by Mike Telin
Works that combine electronic and live acoustic instruments have come a long way since Donald Erb’s Reconnaissance was premiered in 1967. The musical elements are integrated in Erb’s groundbreaking score, but the results come across like a first date. On Friday, April 6 in Warner Concert Hall, legendary pianist Ursula Oppens joined the Oberlin Contemporary Music Ensemble, under the direction of Timothy Weiss, in a mesmerizing performance of Jonathan Harvey’s Bird Concerto with Pianosong (2001). During the colorful 30-minute work, Harvey masterfully merges the technological with the acoustic, and here the result is a love affair.
The concerto, which requires the soloist to play both piano and sampler/synthesizer, is scored for 17 players and live electronics and features the sounds of 40 California birds, including the indigo bunting, orchard oriole, and golden crowned sparrow. The piece also requires a team of three technical assistants who control ring modulators, panning the sound through an eight-speaker surround system. They also control sound processing for the synthesizer and the instruments within the ensemble.
From the beginning, it is easy to understand why Harvey titled the work as he did: this is a concerto for birds. They sing long melodic and rhythmically complex passages, while the piano provides harmonic commentary. Oppens, an expert at making sense of musical complexity, was in full command of her double duty. The work radiates a wide color palette, and the motivic material is constantly in flux. There were many outstanding solo licks from ensemble members, while the accordion, deftly played by Red Wierenga, added a sense of otherworldliness to the overall timbre.
Technical assistants Rachel Gibson, Minh Lam, and Kayla Reagan worked their magic as the birds took flight, traveling from the stage out into the hall and back again. A captivating moment was the manipulation of William Adam’s piccolo solo; he was playing in octaves in real time. Throughout the performance, Weiss provided clear and present leadership.
Jesse Jones’ Snippet Variations is a fascinating sonic excursion during which the composer wittily pokes fun at the music of composers such as Messiaen, Stravinsky, and Copland by borrowing “snippets” of their artistic DNA. Think Elgar’s Enigma Variations. During the eight one-minute variations, I found myself thinking, “Wait, I know that piece — but maybe not.” Clarinetist Richard Hawkins, pianist Liam Kaplan, violinist Jerry Zheyang Xiong, and cellist Jeremy Kreutz gave the work an extremely polished performance.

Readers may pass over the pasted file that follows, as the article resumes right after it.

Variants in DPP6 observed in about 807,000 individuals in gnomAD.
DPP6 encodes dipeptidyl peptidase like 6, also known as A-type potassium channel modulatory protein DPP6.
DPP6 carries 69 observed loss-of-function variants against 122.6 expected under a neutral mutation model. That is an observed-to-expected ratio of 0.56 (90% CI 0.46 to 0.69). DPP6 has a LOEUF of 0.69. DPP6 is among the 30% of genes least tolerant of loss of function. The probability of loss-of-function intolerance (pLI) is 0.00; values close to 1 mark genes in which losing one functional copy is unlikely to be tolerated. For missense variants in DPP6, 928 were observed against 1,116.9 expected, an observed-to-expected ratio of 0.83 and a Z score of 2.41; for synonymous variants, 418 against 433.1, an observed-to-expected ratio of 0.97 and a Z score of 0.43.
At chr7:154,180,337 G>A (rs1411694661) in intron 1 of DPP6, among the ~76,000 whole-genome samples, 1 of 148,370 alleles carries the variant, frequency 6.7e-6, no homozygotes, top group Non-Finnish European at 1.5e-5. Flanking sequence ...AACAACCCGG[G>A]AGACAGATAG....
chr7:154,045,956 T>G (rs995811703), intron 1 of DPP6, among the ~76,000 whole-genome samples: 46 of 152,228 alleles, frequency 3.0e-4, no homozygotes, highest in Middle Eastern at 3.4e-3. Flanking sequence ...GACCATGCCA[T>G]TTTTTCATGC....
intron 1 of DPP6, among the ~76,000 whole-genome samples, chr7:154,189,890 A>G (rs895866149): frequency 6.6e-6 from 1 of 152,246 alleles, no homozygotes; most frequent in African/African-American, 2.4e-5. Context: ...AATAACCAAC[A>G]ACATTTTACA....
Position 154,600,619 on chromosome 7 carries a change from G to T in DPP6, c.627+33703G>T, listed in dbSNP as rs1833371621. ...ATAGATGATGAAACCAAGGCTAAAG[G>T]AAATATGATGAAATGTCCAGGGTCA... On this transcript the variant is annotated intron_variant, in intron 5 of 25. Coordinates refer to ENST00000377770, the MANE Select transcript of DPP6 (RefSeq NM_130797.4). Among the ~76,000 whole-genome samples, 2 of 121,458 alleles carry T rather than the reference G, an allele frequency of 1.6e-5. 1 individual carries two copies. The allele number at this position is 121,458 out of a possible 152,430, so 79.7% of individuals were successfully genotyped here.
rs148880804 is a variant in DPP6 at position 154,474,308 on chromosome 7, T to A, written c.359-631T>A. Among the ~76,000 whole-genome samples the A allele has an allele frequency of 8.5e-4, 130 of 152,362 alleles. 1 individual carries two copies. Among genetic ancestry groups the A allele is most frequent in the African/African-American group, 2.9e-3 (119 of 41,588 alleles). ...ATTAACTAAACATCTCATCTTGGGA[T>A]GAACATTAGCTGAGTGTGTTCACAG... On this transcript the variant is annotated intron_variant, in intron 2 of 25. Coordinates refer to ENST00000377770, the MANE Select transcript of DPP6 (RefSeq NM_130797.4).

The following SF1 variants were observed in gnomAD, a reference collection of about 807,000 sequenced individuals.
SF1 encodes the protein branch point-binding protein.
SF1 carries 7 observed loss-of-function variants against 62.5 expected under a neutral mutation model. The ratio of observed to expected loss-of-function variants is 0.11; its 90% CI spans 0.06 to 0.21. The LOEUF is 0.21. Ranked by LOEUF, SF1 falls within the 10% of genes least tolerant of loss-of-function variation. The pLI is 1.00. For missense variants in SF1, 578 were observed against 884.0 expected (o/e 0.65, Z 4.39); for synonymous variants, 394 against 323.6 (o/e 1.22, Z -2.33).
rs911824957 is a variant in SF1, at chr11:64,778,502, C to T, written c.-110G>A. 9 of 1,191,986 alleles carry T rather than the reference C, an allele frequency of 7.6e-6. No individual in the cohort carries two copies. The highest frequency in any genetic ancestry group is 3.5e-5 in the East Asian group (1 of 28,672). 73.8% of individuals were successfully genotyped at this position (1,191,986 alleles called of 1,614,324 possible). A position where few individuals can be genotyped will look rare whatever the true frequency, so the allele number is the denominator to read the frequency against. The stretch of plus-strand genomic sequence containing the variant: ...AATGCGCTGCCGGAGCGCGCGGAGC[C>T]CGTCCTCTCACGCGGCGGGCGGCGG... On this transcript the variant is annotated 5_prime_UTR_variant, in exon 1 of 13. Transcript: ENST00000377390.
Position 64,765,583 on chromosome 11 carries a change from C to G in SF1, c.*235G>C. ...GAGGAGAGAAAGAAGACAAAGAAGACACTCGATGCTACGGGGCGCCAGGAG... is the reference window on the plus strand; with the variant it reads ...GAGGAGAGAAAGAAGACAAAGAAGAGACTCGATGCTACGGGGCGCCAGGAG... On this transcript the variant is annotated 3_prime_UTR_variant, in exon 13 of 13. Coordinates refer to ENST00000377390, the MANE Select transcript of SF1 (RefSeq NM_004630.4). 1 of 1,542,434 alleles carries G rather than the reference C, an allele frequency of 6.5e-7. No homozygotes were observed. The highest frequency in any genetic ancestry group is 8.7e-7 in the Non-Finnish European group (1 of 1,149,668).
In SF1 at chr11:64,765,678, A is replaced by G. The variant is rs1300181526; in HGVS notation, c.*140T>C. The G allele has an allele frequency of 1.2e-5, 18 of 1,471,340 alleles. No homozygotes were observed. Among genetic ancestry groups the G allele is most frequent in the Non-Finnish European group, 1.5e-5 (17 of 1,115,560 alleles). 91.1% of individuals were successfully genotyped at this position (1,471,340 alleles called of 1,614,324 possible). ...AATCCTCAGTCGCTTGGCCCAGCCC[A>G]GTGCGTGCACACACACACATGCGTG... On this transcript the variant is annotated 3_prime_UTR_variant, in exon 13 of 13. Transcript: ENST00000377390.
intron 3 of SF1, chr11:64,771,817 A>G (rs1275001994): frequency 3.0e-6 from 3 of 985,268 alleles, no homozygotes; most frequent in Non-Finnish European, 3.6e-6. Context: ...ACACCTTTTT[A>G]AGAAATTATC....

Christopher Stark writes in the program notes that works by Surrealists painters, including Max Ernst and Salvador Dalí, were the inspiration for his True North. Indeed, his six-minute work for fifteen players (winds, brass, strings, percussion, and piano) is defined by off-kilter fast passages over long, sustained lines.
A large collective of clarinetists took the stage for an acoustic version of Steve Reich’s New York Counterpoint. Under the steady direction of Colin Roshak, the ten-minute, three-movement work seamlessly moved from one complex rhythmic pattern to another. The jazzy syncopations in the last movement interlocked perfectly.
Lee Hyla’s Polish Folk Songs is based on traditional songs of mourning the composer heard at his grandmother’s funeral, but his music plays mind games with the listener. The jovial opening suddenly turns into a memorial service, and the loud, nasal sound of the melodica in the second movement was jarring. The third movement and its lopsided solos brought the work and the concert to a wonderful conclusion.
Published on ClevelandClassical.com April 10, 2018.
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